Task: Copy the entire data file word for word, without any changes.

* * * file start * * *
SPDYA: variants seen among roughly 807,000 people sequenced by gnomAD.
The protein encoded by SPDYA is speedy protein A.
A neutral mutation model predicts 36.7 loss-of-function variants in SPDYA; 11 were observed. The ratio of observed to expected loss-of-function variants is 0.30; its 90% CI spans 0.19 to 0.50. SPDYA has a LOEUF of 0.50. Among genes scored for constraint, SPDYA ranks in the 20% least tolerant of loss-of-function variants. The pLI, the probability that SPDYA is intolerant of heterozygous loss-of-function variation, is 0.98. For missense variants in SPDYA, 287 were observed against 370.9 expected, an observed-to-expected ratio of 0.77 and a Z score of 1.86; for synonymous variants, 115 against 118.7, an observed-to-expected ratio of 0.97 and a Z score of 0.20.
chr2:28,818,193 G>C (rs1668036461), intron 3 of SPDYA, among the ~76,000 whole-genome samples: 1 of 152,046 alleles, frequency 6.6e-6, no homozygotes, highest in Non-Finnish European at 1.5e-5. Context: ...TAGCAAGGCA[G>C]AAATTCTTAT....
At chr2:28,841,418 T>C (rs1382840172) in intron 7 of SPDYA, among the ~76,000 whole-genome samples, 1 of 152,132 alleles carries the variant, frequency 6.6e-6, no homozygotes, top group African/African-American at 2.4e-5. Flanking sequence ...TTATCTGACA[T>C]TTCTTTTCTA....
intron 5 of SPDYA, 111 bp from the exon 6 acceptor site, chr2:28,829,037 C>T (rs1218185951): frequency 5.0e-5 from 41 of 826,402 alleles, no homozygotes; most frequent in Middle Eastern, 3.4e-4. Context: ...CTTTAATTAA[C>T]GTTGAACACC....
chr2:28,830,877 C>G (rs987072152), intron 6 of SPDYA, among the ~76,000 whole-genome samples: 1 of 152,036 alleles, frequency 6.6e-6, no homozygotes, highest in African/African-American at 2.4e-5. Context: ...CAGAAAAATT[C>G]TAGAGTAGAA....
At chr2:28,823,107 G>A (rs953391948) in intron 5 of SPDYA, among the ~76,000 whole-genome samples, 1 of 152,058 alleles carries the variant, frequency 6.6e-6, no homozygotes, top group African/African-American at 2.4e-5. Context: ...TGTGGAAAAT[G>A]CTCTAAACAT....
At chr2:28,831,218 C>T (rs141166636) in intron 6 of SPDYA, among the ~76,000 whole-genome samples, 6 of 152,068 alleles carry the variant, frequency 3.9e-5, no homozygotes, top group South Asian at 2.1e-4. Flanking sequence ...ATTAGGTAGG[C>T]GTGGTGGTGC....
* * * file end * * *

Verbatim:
SPDYA: variants seen among roughly 807,000 people sequenced by gnomAD.
The protein encoded by SPDYA is speedy protein A.
A neutral mutation model predicts 36.7 loss-of-function variants in SPDYA; 11 were observed. The ratio of observed to expected loss-of-function variants is 0.30; its 90% CI spans 0.19 to 0.50. SPDYA has a LOEUF of 0.50. Among genes scored for constraint, SPDYA ranks in the 20% least tolerant of loss-of-function variants. The pLI, the probability that SPDYA is intolerant of heterozygous loss-of-function variation, is 0.98. For missense variants in SPDYA, 287 were observed against 370.9 expected, an observed-to-expected ratio of 0.77 and a Z score of 1.86; for synonymous variants, 115 against 118.7, an observed-to-expected ratio of 0.97 and a Z score of 0.20.
chr2:28,818,193 G>C (rs1668036461), intron 3 of SPDYA, among the ~76,000 whole-genome samples: 1 of 152,046 alleles, frequency 6.6e-6, no homozygotes, highest in Non-Finnish European at 1.5e-5. Context: ...TAGCAAGGCA[G>C]AAATTCTTAT....
At chr2:28,841,418 T>C (rs1382840172) in intron 7 of SPDYA, among the ~76,000 whole-genome samples, 1 of 152,132 alleles carries the variant, frequency 6.6e-6, no homozygotes, top group African/African-American at 2.4e-5. Flanking sequence ...TTATCTGACA[T>C]TTCTTTTCTA....
intron 5 of SPDYA, 111 bp from the exon 6 acceptor site, chr2:28,829,037 C>T (rs1218185951): frequency 5.0e-5 from 41 of 826,402 alleles, no homozygotes; most frequent in Middle Eastern, 3.4e-4. Context: ...CTTTAATTAA[C>T]GTTGAACACC....
chr2:28,830,877 C>G (rs987072152), intron 6 of SPDYA, among the ~76,000 whole-genome samples: 1 of 152,036 alleles, frequency 6.6e-6, no homozygotes, highest in African/African-American at 2.4e-5. Context: ...CAGAAAAATT[C>G]TAGAGTAGAA....
At chr2:28,823,107 G>A (rs953391948) in intron 5 of SPDYA, among the ~76,000 whole-genome samples, 1 of 152,058 alleles carries the variant, frequency 6.6e-6, no homozygotes, top group African/African-American at 2.4e-5. Context: ...TGTGGAAAAT[G>A]CTCTAAACAT....
At chr2:28,831,218 C>T (rs141166636) in intron 6 of SPDYA, among the ~76,000 whole-genome samples, 6 of 152,068 alleles carry the variant, frequency 3.9e-5, no homozygotes, top group South Asian at 2.1e-4. Flanking sequence ...ATTAGGTAGG[C>T]GTGGTGGTGC....